Title: Catfishing on Catnet
Author: Naomi Kritzer
Genre: Science Fiction, Young Adult
Date of Publication: November 19, 2019
Publisher: Tor Teen
This book is marketed as a dark thriller. I mean, look at that cover (Which, by the way, is not the cover it had when I requested it through NetGalley. That cover had cute cyber-kitties on it). Doesn’t this cover make the book look dark and spooky? Even the description and the initial reviews made it sound like a dark thriller about an AI that goes off its rocker.
On the contrary, this is a light book about a girl who’s always been on the run with her mother. They always have to move to different towns, so Stephanie doesn’t have any friends–in the real world. She has friends in CatNet, a chat room where pictures of cats and other adorable animals are like currency. It’s quickly revealed that one of these friends is an artificial intelligence, and this AI wants to come out of the closet. Meanwhile, Stephanie will do whatever it takes to keep from having to move to another town, because there’s a girl in her class who she isn’t ready to leave.
This book has a lot of great ideas, but I was disappointed in the execution. I’ll start with one of my favourite parts. In school, the students are expected to learn sex education from a robot, because adults find that topic uncomfortable. This part had me laughing (and a little angry, because it’s so darn accurate), and every time students would ask an unsanctioned question (about LGBTQ+ issues, for instance) the robot would tell them to ask their parents. This was a hilarious and interesting projection of the current political climate, and I do wish this book had had more of these types of funny (yet upsetting) insights.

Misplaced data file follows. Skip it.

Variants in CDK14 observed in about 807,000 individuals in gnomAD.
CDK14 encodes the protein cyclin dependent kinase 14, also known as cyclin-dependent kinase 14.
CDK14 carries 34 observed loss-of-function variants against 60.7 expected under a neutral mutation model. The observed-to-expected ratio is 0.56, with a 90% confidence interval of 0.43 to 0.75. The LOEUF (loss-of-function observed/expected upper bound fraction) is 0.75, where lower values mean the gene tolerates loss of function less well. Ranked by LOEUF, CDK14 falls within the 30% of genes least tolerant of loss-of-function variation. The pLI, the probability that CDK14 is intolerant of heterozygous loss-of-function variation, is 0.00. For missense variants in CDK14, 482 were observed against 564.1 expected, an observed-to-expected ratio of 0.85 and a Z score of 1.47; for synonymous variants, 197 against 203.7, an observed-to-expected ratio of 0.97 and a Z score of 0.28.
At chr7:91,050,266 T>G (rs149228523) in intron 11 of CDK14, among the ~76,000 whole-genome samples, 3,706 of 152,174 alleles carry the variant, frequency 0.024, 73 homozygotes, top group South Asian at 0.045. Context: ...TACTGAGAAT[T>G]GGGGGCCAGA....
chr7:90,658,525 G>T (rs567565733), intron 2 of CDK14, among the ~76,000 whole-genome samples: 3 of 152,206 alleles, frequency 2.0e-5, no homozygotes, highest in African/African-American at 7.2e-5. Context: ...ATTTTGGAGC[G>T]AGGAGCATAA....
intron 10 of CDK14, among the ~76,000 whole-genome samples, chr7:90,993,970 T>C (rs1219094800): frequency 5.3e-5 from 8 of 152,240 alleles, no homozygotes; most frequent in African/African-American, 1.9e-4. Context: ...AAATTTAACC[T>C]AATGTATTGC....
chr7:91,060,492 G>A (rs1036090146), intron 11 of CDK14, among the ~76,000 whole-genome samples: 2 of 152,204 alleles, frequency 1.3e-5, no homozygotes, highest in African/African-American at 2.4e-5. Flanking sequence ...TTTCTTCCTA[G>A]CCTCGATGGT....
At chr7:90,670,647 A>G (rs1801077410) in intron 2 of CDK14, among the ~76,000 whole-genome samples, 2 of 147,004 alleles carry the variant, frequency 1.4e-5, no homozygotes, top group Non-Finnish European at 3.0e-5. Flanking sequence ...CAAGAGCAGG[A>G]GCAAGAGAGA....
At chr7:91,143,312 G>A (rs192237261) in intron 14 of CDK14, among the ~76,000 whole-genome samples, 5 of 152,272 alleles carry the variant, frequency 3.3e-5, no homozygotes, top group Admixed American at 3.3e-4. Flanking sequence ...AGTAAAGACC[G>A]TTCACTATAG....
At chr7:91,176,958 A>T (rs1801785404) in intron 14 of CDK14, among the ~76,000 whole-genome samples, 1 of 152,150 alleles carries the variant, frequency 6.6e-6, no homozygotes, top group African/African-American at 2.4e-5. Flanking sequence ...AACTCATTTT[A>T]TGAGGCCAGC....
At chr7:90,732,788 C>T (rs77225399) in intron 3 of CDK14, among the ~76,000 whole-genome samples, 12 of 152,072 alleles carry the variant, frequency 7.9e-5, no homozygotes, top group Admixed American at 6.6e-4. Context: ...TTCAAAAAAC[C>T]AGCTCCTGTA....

I absolutely loved the metaphor of the AI coming out as an artificial intelligence. However, for a book that is very Social Justice Warrior-y, the characters were often insensitive, and a lot of the metaphors really didn’t work. Stephanie should not have been running around telling everyone that [spoiler] was an AI, because that ruins the metaphor. It was the AI’s choice to tell people, not Stephanie’s. *Sigh*
I enjoyed the main story arc of the novel, but again, it wasn’t particularly suspenseful or dark. I would have liked for there to have been a few twists or turns in the storyline, to keep me asking questions. Maybe I’ve been reading too many psychological thrillers, but I usually expect a twist or two in my books. At least one. (And that twist can’t be the one in the first chapter that reveals that one of the main characters is an AI).
I didn’t particularly like Stephanie, the main character. I felt for her plight, particularly the fact that her mother had lied to her her entire life, and her inability to make real-life friends–because she knew that these relationships could only be temporary. However, there were a few times when I really couldn’t stand Stephanie. In particular–when her mother is in the hospital, and Stephanie doesn’t know what’s wrong with her or if she’s even dying–and she doesn’t check on her for a very long time. Her mother has been essentially her only real-life friend her entire life, yet she doesn’t come across as particularly worried. She’s more concerned about her budding romance–which may be authentic for a teenage character, but this doesn’t make for a sympathetic character.
The saving grace for this book Stephanie’s relationship with Rachel. It was gradual, not insta-love, and they had cute interactions. However, I don’t understand why characters in non-fantasy YA books need to be so quirky these days. Why can’t the main character’s love interest be a normal girl who doesn’t draw on people and who has a normal number of birds waiting for her when she gets home (And for those asking, I’d say a normal number of birds would be 1-4).
I recommend this book to those who are looking for a YA quasi-thriller about artificial intelligence and contemporary social justice warrior issues. Just don’t think about the metaphors too much, and you might enjoy this book.
*Thank you to Tor Teen and NetGalley for the advanced reader copy for review*
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